IT is not just on the pitch that Falkirk try to impress. A club who are almost certain to return to the Scottish Premierleague are rising, literally, from the rubble of financial catastrophe. The erection of a second stand at Falkirk Stadium will be completed by the end of this month.

Once the yellow-jacketed engineers have completed their work on the North Stand, the ground will have a capacity of 6,122. That's 123 more than the SPL demand before membership to their cartel will be granted and so, having been denied promotion twice in the last five years, only the requisite safety certificates and Clyde now stand between Falkirk and their due rewards.

According to managing director George Craig, the SPL's deadline of March 31 will be met. Denied access to the top tier in 2000, and again, in bitter circumstances, two years ago, only a First Division collapse will deny a resurgent Falkirk. Nobody's betting on it.

In the manner of John Hughes and his players, Falkirk's achievements behind the scenes are being done in some style. While the stand approaching completion is a modest pounds-1.5 million construction, the West Stand which Falkirk introduced at the start of the season, is a very handsome cantilever erection which cost pounds-9m.

The SPL's operations director Ian Blair could not have left the 70-acre Westfield site on the boundary between Falkirk and Grangemouth anything other than impressed when he visited this month. Once all four stands have been put up, Falkirk Stadium, with an anticipated capacity of nearly 13,000, will unquestionably be one of the best in Scotland.

"We had a very positive meeting, " said managing director Craig. "He felt it was a bit like arriving at his own place of work, which is, of course, Hampden. Everything is on schedule for the new stand and certification to be in place by March 31. After that it will be a case of Yogi [Hughes] doing his bit."

The West Stand, as well as seating 4,116 fans in some comfort, also boasts impressive, money-generating, facilities which should help Falkirk achieve their aim of being a genuine community club. As well as the expected hospitality suites high up in the edifice, there is office and conference space, while the changing facilities for both sets of teams are probably second to none in Scotland and will attract representative games.

The North stand is more functional, with seating for 2,006, and Craig admits it was a huge relief when the SPL relaxed their requirement for 10,000-seater stadiums.

"The challenge would have been a lot more onerous, " he said, "but as a football club we need to be playing in the top level. If the cost of membership was 10,000 seats that's a challenge we'd need to have risen to."

As the managing director is eager to stress, the ground and the acreage round about it is not owned by the football club but by Falkirk Community Stadium Ltd. The decision when to add the third and fourth stands which will make the stadium outstanding, will be taken in consultation with partners Falkirk Council, but Craig pointed out: "The timescale is as quick as possible. We're on a 70-acre site and have developed 30 acres of it.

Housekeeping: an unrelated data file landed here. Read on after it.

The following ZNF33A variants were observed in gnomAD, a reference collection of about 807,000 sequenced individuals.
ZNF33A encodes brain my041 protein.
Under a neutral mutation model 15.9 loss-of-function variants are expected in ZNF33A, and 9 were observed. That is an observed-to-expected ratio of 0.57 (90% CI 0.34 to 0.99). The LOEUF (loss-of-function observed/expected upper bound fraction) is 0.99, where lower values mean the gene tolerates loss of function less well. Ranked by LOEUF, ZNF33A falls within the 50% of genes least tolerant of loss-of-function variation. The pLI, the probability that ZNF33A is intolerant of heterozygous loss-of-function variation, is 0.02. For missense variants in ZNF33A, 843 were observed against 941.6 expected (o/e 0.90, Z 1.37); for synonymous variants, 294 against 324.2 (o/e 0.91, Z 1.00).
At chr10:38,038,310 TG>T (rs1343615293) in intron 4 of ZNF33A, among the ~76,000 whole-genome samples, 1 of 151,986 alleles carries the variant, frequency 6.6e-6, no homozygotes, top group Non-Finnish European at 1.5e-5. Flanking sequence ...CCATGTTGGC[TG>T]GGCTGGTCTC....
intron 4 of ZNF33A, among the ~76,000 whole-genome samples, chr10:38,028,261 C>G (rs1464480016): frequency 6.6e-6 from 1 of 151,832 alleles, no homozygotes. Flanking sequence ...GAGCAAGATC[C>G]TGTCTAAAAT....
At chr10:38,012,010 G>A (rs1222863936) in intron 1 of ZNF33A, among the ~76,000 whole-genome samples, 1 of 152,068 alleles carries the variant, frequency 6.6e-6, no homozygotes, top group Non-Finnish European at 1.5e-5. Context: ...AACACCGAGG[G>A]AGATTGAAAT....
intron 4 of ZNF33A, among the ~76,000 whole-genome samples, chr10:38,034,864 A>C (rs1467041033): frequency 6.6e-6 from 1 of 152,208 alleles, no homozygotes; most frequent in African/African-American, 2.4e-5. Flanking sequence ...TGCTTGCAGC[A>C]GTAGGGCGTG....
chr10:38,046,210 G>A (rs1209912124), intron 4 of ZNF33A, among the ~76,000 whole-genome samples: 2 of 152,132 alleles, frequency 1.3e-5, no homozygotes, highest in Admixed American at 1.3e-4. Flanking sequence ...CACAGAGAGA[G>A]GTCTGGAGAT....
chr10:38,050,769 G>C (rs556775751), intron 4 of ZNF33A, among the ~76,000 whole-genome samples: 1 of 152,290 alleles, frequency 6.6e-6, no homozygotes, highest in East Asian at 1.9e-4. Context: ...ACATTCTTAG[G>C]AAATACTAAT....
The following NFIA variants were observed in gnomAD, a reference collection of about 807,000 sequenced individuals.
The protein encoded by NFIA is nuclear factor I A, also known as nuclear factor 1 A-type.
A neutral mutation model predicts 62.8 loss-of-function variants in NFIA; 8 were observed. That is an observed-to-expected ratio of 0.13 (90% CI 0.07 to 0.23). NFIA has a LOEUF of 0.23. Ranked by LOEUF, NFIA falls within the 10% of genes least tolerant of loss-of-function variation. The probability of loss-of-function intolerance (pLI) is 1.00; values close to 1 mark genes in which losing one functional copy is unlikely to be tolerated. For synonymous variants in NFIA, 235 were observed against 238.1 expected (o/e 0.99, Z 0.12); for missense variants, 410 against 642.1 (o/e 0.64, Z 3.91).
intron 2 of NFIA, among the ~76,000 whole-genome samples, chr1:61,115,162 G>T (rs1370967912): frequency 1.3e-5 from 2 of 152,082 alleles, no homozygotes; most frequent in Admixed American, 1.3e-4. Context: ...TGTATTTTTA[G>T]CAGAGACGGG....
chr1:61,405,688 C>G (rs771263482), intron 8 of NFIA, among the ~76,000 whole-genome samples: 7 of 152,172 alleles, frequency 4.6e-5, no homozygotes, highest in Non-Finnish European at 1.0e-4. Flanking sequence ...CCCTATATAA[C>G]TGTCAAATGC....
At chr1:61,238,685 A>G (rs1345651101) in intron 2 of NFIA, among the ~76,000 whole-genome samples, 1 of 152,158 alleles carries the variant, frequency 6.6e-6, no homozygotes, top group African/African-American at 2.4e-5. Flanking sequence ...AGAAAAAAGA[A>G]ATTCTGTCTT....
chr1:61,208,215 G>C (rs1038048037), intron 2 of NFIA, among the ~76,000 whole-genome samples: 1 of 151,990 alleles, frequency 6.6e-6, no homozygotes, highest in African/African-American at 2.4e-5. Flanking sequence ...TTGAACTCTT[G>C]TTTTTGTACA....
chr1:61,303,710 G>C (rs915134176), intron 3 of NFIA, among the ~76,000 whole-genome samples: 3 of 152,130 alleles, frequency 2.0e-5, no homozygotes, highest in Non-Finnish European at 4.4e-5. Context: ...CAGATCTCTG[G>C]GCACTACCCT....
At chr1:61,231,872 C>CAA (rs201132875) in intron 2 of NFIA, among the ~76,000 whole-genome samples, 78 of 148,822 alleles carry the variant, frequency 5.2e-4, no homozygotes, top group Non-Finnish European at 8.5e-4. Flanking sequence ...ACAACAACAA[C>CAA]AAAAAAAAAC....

We're hoping the remaining 40 will be attractive to a property developer, and that we can then do a deal to build the new stands."

With five-a-side football pitches nearing completion, plans well advanced for a bistro and health and fitness club on the site, the wasteland which was once laughingly described as green belt is becoming a leisure Mecca for the communities it serves. That, to Craig, is a personal mission.

"We wanted to develop the community concept, " he said, "and that would have been difficult in a breezeblock stadium. You could have played football in it and that would be the end of it.

"I believe the football club should play a large part in the work of the community. We want to touch as many lives as we can. I know once a fortnight we see the supporters, but we can go far, far, beyond that. We've got one of the most diverse, and inclusive, community schemes of any club."

As he reels off the various ways in which his club are working with local schools and organisations, it quickly becomes clear that Craig - who in 2000 stood as a candidate in the Falkirk West by-election to draw attention to the club's problems in finding, and financing, an alternative ground to Brockville - is Messianic in his mission to make Falkirk a cornerstone of the community.

Even Central Scotland Police are sponsors of one scheme, the Twilight Leagues, which takes teenagers with behavioural problems off the streets and out of the parks on weekend evenings and allows them to play organised five-a-side football.

"I realised when I stood in the byelection that although Falkirk is a football town, people didn't perceive the football club as being of value to the community, " Craig said. "There wasn't the same opposition to the possibility of the club closing down as there would have been to the public library."

The entire space in this sports section would not be sufficient to outline Craig's enthusiasm for what Falkirk can achieve, but suffice to say that nobody in the area, from nursery school toddler to senior citizen, is safe from an involvement with the club. It's all very astute, because getting so many people involved can only build up the fan base.

This, allied to a youth development programme which is modelled on the success of Crewe Alexandra's and could lead to a link-up with Liverpool, suggests a very bright future could await Falkirk.

"We've come a long way from torchlight parades and trying to break doors down to save the club, " said Craig.

"That's when it looked like the people of Falkirk might let the football club slip away. We were saying it's worth saving. Give us a chance and we'll prove that's the case."